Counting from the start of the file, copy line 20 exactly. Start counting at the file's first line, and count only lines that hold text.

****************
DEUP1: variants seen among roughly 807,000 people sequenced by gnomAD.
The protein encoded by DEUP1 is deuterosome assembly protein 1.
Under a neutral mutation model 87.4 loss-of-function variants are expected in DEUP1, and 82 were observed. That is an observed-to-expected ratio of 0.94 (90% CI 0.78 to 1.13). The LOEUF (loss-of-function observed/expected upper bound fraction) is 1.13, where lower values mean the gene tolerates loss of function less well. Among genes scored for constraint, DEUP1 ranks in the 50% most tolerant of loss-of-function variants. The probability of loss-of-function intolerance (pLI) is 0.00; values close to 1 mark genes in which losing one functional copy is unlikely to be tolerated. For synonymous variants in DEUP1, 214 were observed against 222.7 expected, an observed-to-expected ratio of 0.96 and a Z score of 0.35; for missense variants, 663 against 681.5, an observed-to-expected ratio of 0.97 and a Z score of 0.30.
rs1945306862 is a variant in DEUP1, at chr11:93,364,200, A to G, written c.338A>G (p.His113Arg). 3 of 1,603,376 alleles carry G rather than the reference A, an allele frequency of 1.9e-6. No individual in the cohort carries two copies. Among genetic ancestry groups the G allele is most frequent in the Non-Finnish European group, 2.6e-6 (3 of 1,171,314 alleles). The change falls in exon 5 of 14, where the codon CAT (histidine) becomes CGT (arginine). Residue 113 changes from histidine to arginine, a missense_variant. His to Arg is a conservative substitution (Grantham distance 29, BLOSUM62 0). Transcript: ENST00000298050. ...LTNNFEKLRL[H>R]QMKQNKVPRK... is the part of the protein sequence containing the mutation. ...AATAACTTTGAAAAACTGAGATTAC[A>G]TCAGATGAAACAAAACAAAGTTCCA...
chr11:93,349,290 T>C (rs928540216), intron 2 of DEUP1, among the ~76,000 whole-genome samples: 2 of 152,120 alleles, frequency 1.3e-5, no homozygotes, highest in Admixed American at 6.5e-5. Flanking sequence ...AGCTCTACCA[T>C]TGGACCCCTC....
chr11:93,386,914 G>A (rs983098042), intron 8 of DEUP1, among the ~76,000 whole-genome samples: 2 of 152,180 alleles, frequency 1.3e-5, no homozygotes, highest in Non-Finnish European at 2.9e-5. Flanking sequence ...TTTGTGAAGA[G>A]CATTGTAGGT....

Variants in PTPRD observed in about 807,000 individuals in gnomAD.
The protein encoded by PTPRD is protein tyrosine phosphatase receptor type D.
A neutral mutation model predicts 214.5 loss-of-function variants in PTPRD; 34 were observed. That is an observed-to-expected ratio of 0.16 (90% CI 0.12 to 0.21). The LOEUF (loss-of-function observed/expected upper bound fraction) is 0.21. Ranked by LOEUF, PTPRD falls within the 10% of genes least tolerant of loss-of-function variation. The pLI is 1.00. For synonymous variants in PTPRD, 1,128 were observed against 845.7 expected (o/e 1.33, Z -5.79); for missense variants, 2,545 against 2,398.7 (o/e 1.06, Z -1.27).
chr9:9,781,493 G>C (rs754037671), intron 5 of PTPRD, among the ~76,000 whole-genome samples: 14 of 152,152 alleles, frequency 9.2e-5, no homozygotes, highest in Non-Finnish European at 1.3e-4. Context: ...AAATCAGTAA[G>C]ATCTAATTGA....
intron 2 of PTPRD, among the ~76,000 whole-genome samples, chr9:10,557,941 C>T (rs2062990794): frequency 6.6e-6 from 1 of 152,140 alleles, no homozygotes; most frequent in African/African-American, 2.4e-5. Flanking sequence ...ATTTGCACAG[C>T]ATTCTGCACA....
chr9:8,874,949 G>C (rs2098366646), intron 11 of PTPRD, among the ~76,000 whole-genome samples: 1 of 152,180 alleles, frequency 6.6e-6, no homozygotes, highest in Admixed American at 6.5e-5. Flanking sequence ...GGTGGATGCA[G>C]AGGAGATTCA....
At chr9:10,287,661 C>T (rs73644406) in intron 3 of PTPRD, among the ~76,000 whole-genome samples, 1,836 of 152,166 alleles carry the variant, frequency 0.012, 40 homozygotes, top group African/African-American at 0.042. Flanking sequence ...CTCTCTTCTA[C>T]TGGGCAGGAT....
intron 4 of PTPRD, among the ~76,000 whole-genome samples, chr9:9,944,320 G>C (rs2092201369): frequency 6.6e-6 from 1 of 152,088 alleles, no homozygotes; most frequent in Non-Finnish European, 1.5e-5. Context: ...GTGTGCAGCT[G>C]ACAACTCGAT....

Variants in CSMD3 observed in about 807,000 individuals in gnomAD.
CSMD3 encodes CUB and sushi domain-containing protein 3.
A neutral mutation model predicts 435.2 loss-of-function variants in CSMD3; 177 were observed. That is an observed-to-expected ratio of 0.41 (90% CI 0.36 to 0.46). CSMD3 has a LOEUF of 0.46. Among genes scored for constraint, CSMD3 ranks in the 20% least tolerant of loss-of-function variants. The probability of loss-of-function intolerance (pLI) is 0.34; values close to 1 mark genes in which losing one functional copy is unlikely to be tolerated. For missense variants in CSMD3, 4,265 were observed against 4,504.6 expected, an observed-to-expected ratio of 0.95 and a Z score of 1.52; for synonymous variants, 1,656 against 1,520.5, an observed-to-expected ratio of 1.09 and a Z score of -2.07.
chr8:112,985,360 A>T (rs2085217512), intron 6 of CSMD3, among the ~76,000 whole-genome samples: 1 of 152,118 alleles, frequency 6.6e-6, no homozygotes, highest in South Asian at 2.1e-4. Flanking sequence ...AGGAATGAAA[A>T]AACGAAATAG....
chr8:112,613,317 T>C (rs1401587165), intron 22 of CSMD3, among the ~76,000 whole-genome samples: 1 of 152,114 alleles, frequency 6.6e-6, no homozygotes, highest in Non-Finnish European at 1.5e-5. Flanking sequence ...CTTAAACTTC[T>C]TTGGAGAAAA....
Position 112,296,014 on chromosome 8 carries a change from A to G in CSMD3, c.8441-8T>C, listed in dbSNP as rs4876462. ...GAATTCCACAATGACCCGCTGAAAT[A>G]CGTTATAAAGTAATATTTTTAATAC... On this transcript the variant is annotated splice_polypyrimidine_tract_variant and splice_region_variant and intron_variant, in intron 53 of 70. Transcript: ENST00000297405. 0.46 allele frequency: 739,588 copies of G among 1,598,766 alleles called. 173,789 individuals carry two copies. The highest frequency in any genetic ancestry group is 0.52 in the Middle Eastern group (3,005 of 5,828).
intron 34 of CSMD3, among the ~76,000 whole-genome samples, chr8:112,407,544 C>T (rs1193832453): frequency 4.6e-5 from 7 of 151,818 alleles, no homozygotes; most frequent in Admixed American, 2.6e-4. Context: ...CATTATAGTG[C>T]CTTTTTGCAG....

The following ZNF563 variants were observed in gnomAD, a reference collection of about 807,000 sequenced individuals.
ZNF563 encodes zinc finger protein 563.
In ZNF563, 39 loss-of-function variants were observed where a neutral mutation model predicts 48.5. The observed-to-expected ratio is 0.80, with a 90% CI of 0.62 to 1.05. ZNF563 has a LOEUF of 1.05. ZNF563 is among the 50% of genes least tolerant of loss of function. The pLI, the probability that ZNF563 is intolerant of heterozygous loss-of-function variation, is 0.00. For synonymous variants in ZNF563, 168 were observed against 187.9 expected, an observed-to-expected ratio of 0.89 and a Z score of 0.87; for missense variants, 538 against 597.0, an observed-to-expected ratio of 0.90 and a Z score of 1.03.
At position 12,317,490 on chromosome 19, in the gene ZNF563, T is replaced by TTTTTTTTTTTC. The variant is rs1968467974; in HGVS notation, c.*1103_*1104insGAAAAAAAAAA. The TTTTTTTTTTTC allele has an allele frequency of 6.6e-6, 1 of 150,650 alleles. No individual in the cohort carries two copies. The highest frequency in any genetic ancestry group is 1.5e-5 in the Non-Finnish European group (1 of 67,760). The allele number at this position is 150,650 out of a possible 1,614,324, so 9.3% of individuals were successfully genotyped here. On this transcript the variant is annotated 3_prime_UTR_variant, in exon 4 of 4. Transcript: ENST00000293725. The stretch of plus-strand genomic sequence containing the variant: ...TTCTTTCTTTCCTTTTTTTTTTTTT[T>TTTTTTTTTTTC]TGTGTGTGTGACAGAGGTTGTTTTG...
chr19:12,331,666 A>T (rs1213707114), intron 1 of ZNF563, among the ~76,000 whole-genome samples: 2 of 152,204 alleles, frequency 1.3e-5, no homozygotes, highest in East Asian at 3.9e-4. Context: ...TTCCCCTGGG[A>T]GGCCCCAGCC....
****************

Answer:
Position 112,296,014 on chromosome 8 carries a change from A to G in CSMD3, c.8441-8T>C, listed in dbSNP as rs4876462. ...GAATTCCACAATGACCCGCTGAAAT[A>G]CGTTATAAAGTAATATTTTTAATAC... On this transcript the variant is annotated splice_polypyrimidine_tract_variant and splice_region_variant and intron_variant, in intron 53 of 70. Transcript: ENST00000297405. 0.46 allele frequency: 739,588 copies of G among 1,598,766 alleles called. 173,789 individuals carry two copies. The highest frequency in any genetic ancestry group is 0.52 in the Middle Eastern group (3,005 of 5,828).